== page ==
As she learned to navigate these many roles she also struggled with being one of the first and few in her community. Amber is used to being the first of many. As the middle of seven children, she was the first and only to attend college. 

Being the first business owner in her family and in her neighborhood meant that Amber often felt like advice, resources, and overall help were limited. She did not always have someone she could lean on and ask for advice. She learned to navigate these obstacles by being vocal, transparent, and looking for businesswomen mentors to ask for help. 

“You cannot be afraid to say my business is struggling, saying I am not managing money well or I am looking for grants so I can hire more staff. Being vocal is a part of this journey, asking for help shows you there are so many with stories like mine willing to help and give advice.” 

“There are so many resources, grants, and fantastic mentors here to help you. I live by the quote ‘Love all, trust a few, do wrong to none.’” 

women entrepreneurs
Elena Armijo, Latina entrepreneur and Executive Coach. (Photo courtesy of Elena Armijo)

Overcoming limiting beliefs to achieve success

Like many women and minority entrepreneurs, Latina Executive Coach Elena Armijo struggled with limiting beliefs about herself and her abilities. 

Many of her struggles stemmed from this “core wound” of feeling not good enough. Many with similar limiting beliefs may question their success or doubt their abilities to do a good job and succeed in their profession. 

“This has been something I have struggled with my entire life and have done a lot of healing work around,” Elena says. “It showed up for me like questioning whether I could follow through on a contract I just landed, getting a new rockstar client and being in disbelief that I could support them, or worrying that when my team and company grows, that it could all come falling down.” 

After working with a coach, therapist, and healers in the world, as well as sharing what she learned with her family, she has been able to release these limiting beliefs around her self worth and continues to do so today.

“I now have the tools and support system to know that when those feelings come up it simply needs some loving care and compassion. This is something I wouldn’t have known in the beginning of my career.”

To other women entrepreneurs looking to start shifting their limiting beliefs and opening those doorways to success, Elena advises that you start by surrounding yourself with support.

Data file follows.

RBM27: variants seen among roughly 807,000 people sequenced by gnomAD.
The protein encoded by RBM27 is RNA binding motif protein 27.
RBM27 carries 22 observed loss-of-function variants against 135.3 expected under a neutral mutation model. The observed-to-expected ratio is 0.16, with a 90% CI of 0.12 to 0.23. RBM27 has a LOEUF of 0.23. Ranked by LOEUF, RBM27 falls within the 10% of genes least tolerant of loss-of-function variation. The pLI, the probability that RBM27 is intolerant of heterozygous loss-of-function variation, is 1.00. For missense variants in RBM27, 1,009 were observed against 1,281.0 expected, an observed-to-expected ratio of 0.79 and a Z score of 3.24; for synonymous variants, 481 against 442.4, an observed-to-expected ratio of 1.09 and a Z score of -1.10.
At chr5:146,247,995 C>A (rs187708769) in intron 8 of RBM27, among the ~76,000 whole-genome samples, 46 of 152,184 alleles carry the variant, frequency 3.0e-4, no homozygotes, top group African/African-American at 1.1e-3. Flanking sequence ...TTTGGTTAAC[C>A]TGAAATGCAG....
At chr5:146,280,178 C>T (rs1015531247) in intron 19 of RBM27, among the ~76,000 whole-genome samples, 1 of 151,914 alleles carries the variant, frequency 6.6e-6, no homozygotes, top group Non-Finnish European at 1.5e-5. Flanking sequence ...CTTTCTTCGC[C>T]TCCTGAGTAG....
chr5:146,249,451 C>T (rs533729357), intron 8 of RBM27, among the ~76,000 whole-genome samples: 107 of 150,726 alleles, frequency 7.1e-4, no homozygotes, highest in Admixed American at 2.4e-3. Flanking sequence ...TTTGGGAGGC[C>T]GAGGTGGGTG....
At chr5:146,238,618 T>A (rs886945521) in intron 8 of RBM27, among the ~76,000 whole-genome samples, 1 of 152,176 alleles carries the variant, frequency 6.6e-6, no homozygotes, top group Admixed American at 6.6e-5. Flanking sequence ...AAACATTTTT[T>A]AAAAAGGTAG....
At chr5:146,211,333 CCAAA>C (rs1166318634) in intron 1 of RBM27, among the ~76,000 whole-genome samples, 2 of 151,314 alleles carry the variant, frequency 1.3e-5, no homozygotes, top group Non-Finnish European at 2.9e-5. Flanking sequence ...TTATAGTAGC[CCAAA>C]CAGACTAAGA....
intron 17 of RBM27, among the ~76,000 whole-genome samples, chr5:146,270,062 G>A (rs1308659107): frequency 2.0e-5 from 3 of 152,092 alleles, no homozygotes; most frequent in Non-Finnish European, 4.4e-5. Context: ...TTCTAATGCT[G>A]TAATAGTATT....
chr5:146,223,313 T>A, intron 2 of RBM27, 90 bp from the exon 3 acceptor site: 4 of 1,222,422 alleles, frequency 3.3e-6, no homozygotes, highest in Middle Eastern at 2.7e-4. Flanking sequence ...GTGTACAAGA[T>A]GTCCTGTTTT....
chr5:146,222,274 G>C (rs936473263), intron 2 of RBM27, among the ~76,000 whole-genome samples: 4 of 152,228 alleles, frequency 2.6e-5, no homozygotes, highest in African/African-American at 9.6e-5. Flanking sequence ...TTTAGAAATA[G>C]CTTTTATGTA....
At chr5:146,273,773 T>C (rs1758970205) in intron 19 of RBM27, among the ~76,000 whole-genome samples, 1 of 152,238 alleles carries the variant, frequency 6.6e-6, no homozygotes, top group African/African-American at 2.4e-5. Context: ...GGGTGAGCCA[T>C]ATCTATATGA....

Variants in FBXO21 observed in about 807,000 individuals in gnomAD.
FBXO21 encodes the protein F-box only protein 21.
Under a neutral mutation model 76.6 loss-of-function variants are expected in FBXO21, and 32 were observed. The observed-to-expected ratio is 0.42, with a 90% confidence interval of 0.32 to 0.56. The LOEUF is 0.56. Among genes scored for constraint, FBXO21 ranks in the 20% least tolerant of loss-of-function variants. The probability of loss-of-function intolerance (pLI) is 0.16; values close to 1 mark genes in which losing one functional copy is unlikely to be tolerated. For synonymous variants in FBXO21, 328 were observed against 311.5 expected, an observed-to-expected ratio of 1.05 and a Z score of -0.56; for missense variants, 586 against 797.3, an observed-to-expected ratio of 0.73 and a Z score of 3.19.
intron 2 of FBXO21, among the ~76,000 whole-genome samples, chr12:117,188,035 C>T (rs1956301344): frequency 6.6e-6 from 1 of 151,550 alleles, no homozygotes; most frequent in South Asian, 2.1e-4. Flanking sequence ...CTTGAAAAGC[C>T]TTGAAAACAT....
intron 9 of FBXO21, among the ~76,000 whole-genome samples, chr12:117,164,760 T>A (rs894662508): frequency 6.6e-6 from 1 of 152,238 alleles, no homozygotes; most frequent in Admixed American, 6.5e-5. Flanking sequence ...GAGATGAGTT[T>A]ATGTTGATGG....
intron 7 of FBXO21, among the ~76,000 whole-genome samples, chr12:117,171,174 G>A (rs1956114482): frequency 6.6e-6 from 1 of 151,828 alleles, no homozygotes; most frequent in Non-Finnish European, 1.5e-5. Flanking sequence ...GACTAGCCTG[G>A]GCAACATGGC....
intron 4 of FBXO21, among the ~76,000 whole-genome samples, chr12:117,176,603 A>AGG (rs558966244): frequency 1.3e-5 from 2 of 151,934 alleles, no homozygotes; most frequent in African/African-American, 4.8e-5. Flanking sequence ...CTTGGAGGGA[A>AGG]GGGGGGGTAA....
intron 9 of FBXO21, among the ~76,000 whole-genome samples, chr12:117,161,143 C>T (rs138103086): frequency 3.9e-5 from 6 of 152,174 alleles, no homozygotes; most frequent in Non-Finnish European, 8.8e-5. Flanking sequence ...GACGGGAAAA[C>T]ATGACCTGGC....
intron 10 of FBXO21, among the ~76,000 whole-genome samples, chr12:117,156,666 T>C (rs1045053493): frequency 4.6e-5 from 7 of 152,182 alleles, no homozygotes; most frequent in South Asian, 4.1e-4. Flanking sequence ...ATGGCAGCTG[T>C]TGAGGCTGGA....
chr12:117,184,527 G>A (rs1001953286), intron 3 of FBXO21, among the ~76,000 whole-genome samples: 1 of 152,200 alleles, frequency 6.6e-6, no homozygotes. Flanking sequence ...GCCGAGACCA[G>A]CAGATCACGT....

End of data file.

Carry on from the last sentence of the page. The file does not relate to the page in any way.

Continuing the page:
“There are so many women that want to mentor, coach, and be by your side to help you rise.  No one does this alone and support changes everything. Hire a coach, therapist, healer, or mentor that will help you see more possibilities than you might currently know exists. This is how we achieve success and growth together!” 

Unlock your success mindset with Mindset Unlocked

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Author

  • Victoria Arena is a writer and student, passionate about writing, literature, and women's studies. She is bilingual, fluent in both English and Spanish. In 2017, she received her Associates in Fine Arts for Creative Writing from Brookdale Community College. Now, she is working toward her Bachelor's in English Literature at Montclair State University. Along with literature, Victoria is interested in Gender and Sexuality Studies, which she is pursuing as a minor, focusing closely on women's issues, gender inequality, and LGBT issues. These studies provide her with a feminist lens, which influences her work from both fiction to academic writings.

By Victoria Arena

Victoria Arena is a writer and student, passionate about writing, literature, and women's studies. She is bilingual, fluent in both English and Spanish. In 2017, she received her Associates in Fine Arts for Creative Writing from Brookdale Community College. Now, she is working toward her Bachelor's in English Literature at Montclair State University. Along with literature, Victoria is interested in Gender and Sexuality Studies, which she is pursuing as a minor, focusing closely on women's issues, gender inequality, and LGBT issues. These studies provide her with a feminist lens, which influences her work from both fiction to academic writings.